I used to be embarrassed, knowing I wasn't good enough to do a full show, so I would say "let me show you a trick" but really have a bunch ready to show. Then I would be bummed when the audience sort of broke up and milled around after the first trick. duh...
Now, if I have several pieces of new material I have practiced for my friends or family, I make more of a deal about some neat things I've been working on. That sits them down for a mini-show and they seem excited and engaged for the whole thing. Seems to work better for my style.
funsway
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old things in new ways - new things in old ways
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Actually, that rule came from speech making and later, sales training. It correctly states something akin to, "After you get their attention you have 30 seconds to justify it and earn five minutes." You only have to give them reason to want more -- not knock their socks off. Of course, if you are working a bar and competing with three giant TV screens and a lot of cleavage you may need different tactics.

I'm a story teller, so sometimes they endure my magic to get the end of the story.
"the more one pretends at magic, the more awe and wonder will be found in real life." Arnold Furst



ShareBooks at www.eversway.com * questions at funsway@eversway.com
MMark
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Edmonton, AB, Canada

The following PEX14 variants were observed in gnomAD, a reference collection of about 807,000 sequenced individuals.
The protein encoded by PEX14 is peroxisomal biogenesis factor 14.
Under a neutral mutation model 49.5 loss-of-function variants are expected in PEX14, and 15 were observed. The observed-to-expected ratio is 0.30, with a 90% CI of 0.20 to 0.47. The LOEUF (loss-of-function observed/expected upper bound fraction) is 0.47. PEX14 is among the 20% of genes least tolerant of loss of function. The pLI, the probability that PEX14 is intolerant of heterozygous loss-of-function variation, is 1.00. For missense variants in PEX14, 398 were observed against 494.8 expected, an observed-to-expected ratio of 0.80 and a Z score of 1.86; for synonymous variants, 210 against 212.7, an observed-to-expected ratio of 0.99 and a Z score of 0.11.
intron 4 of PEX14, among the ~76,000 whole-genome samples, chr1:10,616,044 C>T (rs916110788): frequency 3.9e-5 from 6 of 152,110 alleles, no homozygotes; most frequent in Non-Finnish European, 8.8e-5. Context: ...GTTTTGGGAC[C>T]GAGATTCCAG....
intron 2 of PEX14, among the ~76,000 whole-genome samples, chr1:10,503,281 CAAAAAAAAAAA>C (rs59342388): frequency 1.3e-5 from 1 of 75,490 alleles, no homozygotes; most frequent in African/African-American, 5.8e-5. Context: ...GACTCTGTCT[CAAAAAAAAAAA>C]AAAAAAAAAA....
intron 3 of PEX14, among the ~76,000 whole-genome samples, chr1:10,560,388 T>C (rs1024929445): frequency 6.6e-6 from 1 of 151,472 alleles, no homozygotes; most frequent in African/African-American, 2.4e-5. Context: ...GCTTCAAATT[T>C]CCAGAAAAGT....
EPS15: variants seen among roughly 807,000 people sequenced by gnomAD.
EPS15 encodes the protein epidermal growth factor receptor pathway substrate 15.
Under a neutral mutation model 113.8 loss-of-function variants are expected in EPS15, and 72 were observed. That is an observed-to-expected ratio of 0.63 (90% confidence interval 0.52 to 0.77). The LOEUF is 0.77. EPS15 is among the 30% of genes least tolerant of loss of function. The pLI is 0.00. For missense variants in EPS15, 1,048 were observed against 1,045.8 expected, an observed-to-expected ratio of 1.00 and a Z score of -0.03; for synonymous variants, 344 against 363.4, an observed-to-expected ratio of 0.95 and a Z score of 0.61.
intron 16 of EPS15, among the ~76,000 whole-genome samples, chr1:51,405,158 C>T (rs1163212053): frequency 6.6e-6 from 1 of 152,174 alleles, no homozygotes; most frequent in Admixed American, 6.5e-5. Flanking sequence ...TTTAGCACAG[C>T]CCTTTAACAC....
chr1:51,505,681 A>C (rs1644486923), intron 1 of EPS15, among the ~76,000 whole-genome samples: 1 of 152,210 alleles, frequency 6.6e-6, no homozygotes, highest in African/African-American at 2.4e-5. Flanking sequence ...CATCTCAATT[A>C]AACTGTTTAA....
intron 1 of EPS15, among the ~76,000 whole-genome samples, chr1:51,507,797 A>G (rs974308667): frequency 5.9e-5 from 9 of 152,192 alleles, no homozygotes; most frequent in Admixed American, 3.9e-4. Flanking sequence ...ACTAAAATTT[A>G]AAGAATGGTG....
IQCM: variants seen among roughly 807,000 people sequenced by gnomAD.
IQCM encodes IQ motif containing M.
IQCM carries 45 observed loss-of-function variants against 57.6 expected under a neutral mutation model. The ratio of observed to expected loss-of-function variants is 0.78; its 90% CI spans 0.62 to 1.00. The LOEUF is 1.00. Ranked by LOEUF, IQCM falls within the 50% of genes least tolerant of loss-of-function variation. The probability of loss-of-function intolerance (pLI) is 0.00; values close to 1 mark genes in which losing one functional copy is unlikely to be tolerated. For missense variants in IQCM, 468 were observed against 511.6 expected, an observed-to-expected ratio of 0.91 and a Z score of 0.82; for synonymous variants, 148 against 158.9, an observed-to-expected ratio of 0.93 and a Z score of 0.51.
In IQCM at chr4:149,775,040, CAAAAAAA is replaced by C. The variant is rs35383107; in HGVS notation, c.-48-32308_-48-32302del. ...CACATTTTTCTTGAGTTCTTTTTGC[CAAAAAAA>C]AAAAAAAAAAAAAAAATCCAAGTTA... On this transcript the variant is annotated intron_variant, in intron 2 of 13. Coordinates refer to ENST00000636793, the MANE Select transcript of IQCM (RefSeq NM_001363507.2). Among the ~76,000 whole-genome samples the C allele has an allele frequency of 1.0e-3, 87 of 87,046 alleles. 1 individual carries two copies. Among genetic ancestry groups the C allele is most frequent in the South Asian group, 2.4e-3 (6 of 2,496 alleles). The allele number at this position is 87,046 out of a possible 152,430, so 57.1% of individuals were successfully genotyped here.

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Even something as simple as a TT silk vanish would go a long way. Perhaps do it when you are introducing yourself. Some of the simplest tricks can drop jaws. There's no need for an ultra-super-duper-extravagant truck right at the start. I've shown friends some very sophisticated tricks and they don't seem to care -- they want to see that darn silk vanish again!

Mark
Logan Five
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Northern California
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No tricks, just a self introduction. If I did a gambling demonstration..it would be something like.." Hello, my name Jack Smith..and in the next few mintues I am going to show you how not to get cheated in a game of cards."

All your trying to do is to set the tone of what is going follow.
Self concept is destiny..
DWRackley
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Chattanooga, TN
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I think it depends entirely on the situation. Are they there expressly to see you? Or are you very kindly helping to keep them from being bored while they wait for something else?